For those coming to NYU Tel Aviv, here are some of personal takeaways on the program here as well as some tips to prepare for life in Israel.
The NYU Tel Aviv faculty does an incredible job planning trips for students to sites in Tel Aviv, across Israel and even outside of Israel. Namely, each class has planned at least a few trips within Tel Aviv and Jerusalem. My classes have taken trips to Florentin, South Tel Aviv, Yafo, and Jerusalem to visit educational facilities, see the historical context of our academic studies, and chat with locals in the area to get a more balanced perception of the diversity and the conflict here. NYU Tel Aviv also plans overnight trips for all the students to Masada, the Dead Sea, Jerusalem, the Lower Galilee, the Upper Galilee, the Western Galilee and Jordan. And they are – incredible.
NYU Tel Aviv is partnered with Tel Aviv University and the Shenkar College of Engineering and Design. Through the program, many students take classes at Tel Aviv University or partake in labs and internships in the university as well. I have been taking a class on Digital Aesthetics there, which has helped to integrate with other international students in Tel Aviv. The academic internship program is also exceptional, and has helped match over half the students to a suitable internship site in the greater Tel Aviv area.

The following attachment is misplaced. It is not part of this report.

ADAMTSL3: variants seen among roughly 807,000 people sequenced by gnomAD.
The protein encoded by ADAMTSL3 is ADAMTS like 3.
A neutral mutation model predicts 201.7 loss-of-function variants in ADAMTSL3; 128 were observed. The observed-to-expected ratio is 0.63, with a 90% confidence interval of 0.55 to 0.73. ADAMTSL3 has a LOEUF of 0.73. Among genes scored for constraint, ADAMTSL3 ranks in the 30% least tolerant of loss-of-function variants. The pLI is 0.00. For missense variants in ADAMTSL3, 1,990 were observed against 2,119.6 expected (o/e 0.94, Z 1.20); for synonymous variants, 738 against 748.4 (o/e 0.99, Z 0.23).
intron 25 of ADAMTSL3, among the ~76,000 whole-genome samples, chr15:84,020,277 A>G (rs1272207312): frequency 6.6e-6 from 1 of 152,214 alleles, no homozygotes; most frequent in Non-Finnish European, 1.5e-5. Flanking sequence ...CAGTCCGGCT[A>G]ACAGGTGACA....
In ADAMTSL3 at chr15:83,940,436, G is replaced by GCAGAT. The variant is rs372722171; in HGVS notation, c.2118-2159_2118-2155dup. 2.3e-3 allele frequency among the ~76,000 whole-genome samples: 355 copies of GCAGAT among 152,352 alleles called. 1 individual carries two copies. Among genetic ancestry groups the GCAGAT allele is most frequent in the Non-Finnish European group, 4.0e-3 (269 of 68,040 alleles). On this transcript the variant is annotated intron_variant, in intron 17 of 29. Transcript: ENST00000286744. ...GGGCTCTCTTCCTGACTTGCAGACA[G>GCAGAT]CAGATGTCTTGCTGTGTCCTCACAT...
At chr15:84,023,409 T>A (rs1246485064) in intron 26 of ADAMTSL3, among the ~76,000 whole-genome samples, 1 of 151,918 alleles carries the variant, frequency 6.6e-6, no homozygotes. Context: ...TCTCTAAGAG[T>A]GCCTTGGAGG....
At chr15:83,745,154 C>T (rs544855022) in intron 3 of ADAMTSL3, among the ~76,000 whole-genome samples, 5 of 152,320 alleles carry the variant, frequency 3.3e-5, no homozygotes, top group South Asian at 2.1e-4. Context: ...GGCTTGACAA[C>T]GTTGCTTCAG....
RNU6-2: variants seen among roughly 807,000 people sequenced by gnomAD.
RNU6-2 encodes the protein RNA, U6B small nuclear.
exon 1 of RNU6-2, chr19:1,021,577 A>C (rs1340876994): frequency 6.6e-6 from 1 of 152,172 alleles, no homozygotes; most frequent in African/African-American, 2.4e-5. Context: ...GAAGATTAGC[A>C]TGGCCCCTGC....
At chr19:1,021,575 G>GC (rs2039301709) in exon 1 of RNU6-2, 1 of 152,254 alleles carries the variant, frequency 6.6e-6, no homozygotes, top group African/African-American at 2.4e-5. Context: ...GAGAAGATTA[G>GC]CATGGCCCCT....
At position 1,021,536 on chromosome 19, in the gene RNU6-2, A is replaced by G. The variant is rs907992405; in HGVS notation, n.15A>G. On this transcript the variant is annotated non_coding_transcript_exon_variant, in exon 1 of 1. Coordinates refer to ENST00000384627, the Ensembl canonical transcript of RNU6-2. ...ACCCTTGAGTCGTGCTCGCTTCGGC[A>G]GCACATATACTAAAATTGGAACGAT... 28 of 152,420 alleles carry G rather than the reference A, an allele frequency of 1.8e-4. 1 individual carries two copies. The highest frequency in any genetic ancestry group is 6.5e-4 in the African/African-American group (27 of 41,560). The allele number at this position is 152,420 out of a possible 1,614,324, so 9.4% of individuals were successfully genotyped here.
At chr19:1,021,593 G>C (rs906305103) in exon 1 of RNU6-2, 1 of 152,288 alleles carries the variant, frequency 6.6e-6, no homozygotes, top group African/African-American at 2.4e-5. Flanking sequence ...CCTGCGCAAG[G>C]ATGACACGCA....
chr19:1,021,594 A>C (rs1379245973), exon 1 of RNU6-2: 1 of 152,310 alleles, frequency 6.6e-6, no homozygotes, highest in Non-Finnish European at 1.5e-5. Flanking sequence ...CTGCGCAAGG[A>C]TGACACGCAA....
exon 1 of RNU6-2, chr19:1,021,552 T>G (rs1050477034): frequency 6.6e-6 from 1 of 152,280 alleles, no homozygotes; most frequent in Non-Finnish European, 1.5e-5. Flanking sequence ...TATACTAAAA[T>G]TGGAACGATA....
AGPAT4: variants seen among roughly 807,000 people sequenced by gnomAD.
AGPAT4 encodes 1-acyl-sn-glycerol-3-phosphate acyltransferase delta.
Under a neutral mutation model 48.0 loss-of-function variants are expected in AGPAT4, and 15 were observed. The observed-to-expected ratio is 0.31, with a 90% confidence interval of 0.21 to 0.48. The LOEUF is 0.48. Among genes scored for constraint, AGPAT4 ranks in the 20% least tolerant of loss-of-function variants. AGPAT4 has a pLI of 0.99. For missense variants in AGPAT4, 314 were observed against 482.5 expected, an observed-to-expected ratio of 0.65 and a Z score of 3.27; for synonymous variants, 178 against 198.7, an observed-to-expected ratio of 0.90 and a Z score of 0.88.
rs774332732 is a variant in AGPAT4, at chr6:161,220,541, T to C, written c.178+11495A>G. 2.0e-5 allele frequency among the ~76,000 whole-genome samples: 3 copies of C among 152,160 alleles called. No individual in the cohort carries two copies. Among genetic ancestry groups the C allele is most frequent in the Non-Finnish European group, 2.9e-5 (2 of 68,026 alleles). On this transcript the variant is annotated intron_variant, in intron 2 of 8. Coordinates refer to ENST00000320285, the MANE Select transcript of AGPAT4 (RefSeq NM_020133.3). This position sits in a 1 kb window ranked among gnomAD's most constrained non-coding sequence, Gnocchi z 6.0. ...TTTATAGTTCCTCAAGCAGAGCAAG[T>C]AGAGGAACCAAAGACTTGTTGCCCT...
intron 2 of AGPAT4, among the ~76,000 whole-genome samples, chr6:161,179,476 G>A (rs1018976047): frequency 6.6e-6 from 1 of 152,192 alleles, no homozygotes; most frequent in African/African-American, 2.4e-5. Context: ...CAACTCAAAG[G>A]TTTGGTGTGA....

Many people think Tel Aviv is high in risk and low in safety, but it is actually a fairly safe city. The site is based in North Tel Aviv, in one of the safest residential areas of Tel Aviv. There have been a few incidents of crime in the area, but the NYU faculty has done an excellent job carrying through on emergency procedures and ensuring that students are aware of when not to go to certain places in Tel Aviv or in Israel. It is discouraged to travel to the West Bank or Gaza through the NYU Tel Aviv program, though many students (including myself) have been and have found that there are ways to safely travel to these regions.
Israeli culture is very direct, fearless and family-oriented. This can come across as aggressive in some cases, or heart-warming in other cases. It depends on where you come from, and what culture you already identify with. Regardless, Israel is a Jewish state so the culture does affect weekly life. Namely, from Friday evening to Saturday evening, public transportation and virtually all restaurants and shops are closed for Shabbat. On major holidays a few times each semester, places are closed for a few days in a row. It is actually seen as disrespectful to open restaurants or shops on holidays. Good to plan in advance 🙂
Housing and Food
Wow, NYU Tel Aviv really comes in at the top here. There is a fully equipped kitchen for all students, as well as catered meals around once a week for events and group meetings. Rooms are excellent, with provided toiletries, towels, bedding, and fridges. The rooms are cleaned, and bedding and towels are washed also on a weekly basis. They really, really pamper us.